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First set of filters in Safe Water Lead Filter Plan to be given to expectant mothers and families with small children

PITTSBURGH, PA (May 3, 2017) The William Peduto administration is set to begin distributing free water filters next week, with the first set of filters being given to expectant mothers and families with children less than six years old.

Approximately 6,000 people have requested the filters so far, and among that group 1,600 have identified themselves as expectant mothers or with young children. They will be notified soon of locations to pick up the free filters, which will be distributed at fire stations throughout the city.

Additionally, City staff have conducted outreach to federally funded health clinics, early childhood centers, day care centers and other facilities with clientele who are part of the target population for prioritized distribution of the filters. The City will work with ZeroWater (the supplier for the pitchers/filters) to deliver the products directly to those facilities for distribution to the clientele over the next few weeks.

Others requesting the filters will be able to pick them up at a later date, once more are delivered to the City by ZeroWater. Those interested can visit or call the 311 customer service line.

One shipment of filters has already been delivered and more are expected by the end of this week.

By the end of this week, coupons for discounted ZeroWater products will be available for download from the Safe Water Program website, and copies will be available at fire stations and other city facilities. These coupons can be used by all City residents who do not receive a free pitcher/filter through the prioritized distribution process to purchase pitchers at a discounted rate, as well as to purchase additional filters.

The $1 million free filter plan is being financed with a $500,000 donation by Peoples Gas and $250,000 each from both the City and the Pittsburgh Water and Sewer Authority.

Though the filters will ultimately be available to all City residents, two groups are being initially prioritized to receive them: expectant mothers and families with children under six years old, and those residents in neighborhoods receiving lead service line replacements.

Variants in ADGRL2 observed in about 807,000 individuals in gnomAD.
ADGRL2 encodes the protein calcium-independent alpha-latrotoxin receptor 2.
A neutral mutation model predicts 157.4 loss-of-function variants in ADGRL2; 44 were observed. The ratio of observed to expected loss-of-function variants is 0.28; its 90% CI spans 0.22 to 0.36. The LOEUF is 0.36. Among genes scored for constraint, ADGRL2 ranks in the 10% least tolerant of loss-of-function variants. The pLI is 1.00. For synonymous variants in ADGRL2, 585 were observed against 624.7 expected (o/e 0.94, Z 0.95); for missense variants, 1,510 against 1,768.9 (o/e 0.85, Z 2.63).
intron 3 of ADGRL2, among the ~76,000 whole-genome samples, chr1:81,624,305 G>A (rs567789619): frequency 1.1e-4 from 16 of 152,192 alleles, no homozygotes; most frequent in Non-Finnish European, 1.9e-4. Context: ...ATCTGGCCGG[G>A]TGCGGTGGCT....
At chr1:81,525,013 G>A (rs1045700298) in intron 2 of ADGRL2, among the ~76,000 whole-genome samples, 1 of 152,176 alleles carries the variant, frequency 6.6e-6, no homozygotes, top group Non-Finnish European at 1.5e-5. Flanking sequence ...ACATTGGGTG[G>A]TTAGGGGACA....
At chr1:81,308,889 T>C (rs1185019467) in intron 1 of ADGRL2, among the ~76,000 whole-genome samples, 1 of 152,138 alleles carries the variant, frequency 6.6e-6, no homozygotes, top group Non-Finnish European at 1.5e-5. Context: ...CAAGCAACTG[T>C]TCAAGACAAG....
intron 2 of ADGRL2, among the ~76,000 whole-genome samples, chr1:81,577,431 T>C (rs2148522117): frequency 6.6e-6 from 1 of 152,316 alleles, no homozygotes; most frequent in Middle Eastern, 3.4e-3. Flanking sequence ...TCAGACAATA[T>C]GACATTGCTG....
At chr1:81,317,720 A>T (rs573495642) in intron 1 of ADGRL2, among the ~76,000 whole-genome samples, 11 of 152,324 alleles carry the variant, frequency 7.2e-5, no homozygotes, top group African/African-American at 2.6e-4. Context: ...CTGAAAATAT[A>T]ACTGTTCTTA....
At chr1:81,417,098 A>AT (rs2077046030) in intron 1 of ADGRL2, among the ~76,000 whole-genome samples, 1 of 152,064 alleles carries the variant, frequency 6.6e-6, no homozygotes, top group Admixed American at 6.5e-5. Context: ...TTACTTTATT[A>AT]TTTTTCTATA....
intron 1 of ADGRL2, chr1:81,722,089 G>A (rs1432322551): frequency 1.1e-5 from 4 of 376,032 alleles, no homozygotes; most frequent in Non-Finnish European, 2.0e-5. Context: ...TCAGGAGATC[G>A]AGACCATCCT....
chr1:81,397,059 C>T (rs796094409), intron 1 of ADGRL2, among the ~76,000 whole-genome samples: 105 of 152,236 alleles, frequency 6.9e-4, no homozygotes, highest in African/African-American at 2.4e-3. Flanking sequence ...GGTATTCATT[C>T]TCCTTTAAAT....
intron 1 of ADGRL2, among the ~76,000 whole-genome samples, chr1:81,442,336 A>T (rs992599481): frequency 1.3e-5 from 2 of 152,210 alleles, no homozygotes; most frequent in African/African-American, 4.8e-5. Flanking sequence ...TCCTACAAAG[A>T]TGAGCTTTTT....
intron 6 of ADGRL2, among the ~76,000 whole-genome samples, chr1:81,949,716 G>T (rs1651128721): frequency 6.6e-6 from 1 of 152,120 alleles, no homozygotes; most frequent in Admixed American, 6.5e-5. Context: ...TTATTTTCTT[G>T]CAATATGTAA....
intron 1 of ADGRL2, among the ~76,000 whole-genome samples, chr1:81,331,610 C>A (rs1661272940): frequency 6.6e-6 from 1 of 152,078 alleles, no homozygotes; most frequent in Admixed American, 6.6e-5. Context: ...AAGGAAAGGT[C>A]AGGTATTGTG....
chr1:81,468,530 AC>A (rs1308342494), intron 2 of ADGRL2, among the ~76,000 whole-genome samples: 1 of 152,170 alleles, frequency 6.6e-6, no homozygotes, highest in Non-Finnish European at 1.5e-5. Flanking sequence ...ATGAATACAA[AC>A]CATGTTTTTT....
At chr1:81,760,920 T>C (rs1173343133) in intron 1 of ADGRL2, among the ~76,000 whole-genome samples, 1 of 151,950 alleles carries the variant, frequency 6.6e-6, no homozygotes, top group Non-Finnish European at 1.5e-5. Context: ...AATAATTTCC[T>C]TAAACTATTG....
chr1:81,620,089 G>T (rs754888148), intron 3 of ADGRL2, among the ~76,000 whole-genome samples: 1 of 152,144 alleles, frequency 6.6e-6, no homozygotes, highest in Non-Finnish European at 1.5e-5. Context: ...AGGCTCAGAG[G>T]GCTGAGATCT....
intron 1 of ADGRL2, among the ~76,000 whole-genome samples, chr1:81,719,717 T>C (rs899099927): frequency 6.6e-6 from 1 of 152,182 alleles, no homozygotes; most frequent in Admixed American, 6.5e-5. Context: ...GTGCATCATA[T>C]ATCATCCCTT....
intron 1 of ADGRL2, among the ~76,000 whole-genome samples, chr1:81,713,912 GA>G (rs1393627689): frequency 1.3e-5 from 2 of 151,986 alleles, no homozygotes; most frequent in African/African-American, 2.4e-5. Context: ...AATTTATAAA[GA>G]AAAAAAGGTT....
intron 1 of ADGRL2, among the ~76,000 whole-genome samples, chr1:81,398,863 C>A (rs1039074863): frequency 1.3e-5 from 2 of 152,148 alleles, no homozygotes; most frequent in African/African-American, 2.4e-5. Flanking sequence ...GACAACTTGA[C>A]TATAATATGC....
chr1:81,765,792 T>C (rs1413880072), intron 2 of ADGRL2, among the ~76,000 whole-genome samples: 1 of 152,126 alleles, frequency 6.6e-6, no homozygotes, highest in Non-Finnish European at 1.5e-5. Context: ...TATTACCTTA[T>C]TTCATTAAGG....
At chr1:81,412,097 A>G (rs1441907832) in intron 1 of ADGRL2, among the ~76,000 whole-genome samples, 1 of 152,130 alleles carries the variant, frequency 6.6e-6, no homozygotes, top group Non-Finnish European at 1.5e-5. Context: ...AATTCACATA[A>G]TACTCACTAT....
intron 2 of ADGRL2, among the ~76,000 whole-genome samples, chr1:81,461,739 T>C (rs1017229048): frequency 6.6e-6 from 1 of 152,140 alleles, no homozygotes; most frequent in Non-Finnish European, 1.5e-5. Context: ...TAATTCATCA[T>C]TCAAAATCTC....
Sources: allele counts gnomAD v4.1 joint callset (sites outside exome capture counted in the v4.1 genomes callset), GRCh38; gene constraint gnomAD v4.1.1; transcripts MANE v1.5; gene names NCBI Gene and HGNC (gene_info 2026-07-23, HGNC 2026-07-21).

There are approximately 7,000 households in the City of Pittsburgh with a child under six in the home.

City residents who will be receiving partial lead service line replacements will have filters given to them. There is no need for residents receiving partial lead service line replacements to request filters through the Safe Water website, as the filters will be automatically provided to them.

The filters, which purify drinking water, will be in the form of scientifically certified half-gallon pitchers.

Like many older cities, the City of Pittsburgh has a significant number of lead service lines. If you believe your home may have lead, here are further steps you can take to reduce your exposure to lead in your water:

  • Run your water to flush out lead
  • If you haven’t used your water for several hours, run your cold tap for one minute before using for cooking or drinking. Homes with longer lead water service lines may require flushing for a longer period of time. Using toilets, washing clothes, showering, or doing dishes before you drink from your tap are all ways that you can flush your service line without wasting water.
  • Use cold water for cooking and preparing baby formula
  • Lead dissolves more easily in hot water. Do not drink, cook with, or make baby formula using hot water.
  • Do not boil water to remove lead; it will not reduce lead levels.

For additional information about the Pittsburgh Water and Sewer Authority’s Lead remediation efforts, please visit